The Twister I reviewed was ordered by someone who is clearly in desperate need of a color wheel. The red with blue splash pattern that this Twister was decked out with was almost universally derided as one butt-ugly pair of color choices. Fortunately, Twisters are available in essentially any splash, fade, or solid-color anodizing pattern you like. If you have access to the internet, you can surf over to Boston Paintball Supply´s web site and check out some Twisters in much cooler splash colors and fades.

The quality of the anodizing was good, but not the best I´ve ever seen. It was very even and smooth over the surface of the ´gun, not pooling or thinning in any areas. It also didn´t scratch or lose its luster during the time I had it. It did seem rather thin, not quite living up to the deep, enamel-like anodizing found on Evolution Autocockers sold by Smart Parts. I´m guessing that the thinner anodizing is intentional, though. The grooves and ridges in the Twister´s millwork present quite a challenge to the anodizer. Any pooling or other unevenness in the anodizing would be immediately obvious on this ´gun. A thin, even anodization looks very good without marring the very elaborate millwork.

Rounding out the cosmetic package is a full set of silver-colored parts. The ball detent, Clippard-ram, Jackhammer regulator, and 4-way valve are all chrome plated. The pump-rod is titanium. The cocking rod and threaded timing rod are both stainless steel. Even the low-pressure hoses are clear. Apart from the grips, every part of this ´gun is either chromed or anodized.


Let´s face it, $1549.95 is a whole cart load of cash for a paintgun that doesn´t include a nitrogen system, secondary regulator, or even a barrel. Is it really worth it? Well, it depends on what you want.

The Twister clearly has all of the performance credentials you would expect. It has virtually every performance upgrade you could ask for, and if you don´t like what was built into this ´gun you can request whatever parts suit your fancy. More importantly, all of the parts are integrated very well. This Twister functioned flawlessly the entire time I used it. My only real complaints were with the choice of valve that went into this ´gun, and with the lightness and length of the trigger which I felt potentate short-stroking. Both of these can be easily changed by Boston Paintball Supply at the player´s request. As a performance paintgun, the Twister is quite impressive and deserves to be considered among the top Autocockers currently available. Naturally, it is up to each player to determine whether this ´gun´s characteristics suits his or her tastes and style of play. Never the less, there are very few players who are going to find performance to be a reason not to buy this ´gun.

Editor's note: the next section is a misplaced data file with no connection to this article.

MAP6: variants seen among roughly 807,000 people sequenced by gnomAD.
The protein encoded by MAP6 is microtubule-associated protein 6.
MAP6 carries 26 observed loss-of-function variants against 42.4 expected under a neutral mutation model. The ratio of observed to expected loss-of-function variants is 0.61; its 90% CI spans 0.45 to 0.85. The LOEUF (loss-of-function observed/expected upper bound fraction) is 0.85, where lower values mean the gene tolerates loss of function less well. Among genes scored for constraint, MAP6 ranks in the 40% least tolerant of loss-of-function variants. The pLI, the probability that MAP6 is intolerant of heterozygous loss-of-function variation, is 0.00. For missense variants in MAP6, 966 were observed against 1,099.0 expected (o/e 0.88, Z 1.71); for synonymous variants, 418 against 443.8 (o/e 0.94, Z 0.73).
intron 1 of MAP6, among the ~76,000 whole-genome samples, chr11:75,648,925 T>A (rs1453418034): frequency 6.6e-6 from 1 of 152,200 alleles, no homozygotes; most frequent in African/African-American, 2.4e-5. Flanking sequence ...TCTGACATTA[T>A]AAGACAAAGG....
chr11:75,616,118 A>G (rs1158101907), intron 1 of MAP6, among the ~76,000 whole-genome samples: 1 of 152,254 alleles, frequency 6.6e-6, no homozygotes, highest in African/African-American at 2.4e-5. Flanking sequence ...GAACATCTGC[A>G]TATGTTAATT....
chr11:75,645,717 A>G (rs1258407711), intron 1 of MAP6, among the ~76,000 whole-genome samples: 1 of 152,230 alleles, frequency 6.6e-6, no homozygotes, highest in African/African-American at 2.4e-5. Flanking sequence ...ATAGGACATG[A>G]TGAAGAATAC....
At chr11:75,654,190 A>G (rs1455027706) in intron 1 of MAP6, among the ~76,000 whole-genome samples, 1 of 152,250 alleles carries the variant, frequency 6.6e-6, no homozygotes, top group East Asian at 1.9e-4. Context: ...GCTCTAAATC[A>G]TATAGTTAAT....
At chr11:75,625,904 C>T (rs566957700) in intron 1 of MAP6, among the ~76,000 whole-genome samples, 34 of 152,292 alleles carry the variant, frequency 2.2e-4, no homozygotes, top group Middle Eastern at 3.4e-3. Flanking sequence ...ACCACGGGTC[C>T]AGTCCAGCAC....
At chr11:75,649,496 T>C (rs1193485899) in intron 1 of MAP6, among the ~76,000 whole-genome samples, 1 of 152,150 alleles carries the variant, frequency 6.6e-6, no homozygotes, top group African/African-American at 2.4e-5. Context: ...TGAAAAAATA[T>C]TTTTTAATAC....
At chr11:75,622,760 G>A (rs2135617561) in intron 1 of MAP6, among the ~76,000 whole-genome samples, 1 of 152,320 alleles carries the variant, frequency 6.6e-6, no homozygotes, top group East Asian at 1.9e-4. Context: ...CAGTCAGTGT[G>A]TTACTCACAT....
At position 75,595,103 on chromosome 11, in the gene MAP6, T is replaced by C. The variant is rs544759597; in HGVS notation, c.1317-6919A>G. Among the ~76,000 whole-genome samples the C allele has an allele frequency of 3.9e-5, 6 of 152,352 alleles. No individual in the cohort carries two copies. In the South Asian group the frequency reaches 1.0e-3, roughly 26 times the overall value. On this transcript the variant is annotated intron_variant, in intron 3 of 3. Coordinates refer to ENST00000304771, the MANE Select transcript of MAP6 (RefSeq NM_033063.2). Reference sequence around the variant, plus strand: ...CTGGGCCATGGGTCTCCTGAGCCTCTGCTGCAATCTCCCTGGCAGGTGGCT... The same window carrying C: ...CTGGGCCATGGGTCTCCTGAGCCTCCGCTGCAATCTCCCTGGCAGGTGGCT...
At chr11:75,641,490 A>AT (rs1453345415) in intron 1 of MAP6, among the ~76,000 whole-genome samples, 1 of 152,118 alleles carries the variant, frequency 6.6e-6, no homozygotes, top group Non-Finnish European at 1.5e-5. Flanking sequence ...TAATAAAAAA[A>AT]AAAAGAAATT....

The cosmetic work is the most extreme and technically impressive I´ve ever seen. What people think of it is another matter entirely. Some people love the look, others feel nervous about how fragile it looks, others just don´t like the style. Ultimately it comes down to just how much you like the Twister´s cosmetics that determines whether or not it´s worth your $1550.


1998 model Twister Autocockers now come with a few new features that were not available on the Twister that I reviewed. First, the Twister now comes in a new twist pattern that starts in the middle and expands out towards the ends of 'gun creating a seashell effect. Second, the Twister now comes with the exceptional new ShockTech RAT Valve II which should improve efficiency and reduce the input pressure requirements. Finally, increased production runs have allowed them to reduce the price by $200 to $1299 - still expensive, but a better deal now.

All material at this site is © Ravi Chopra, 1999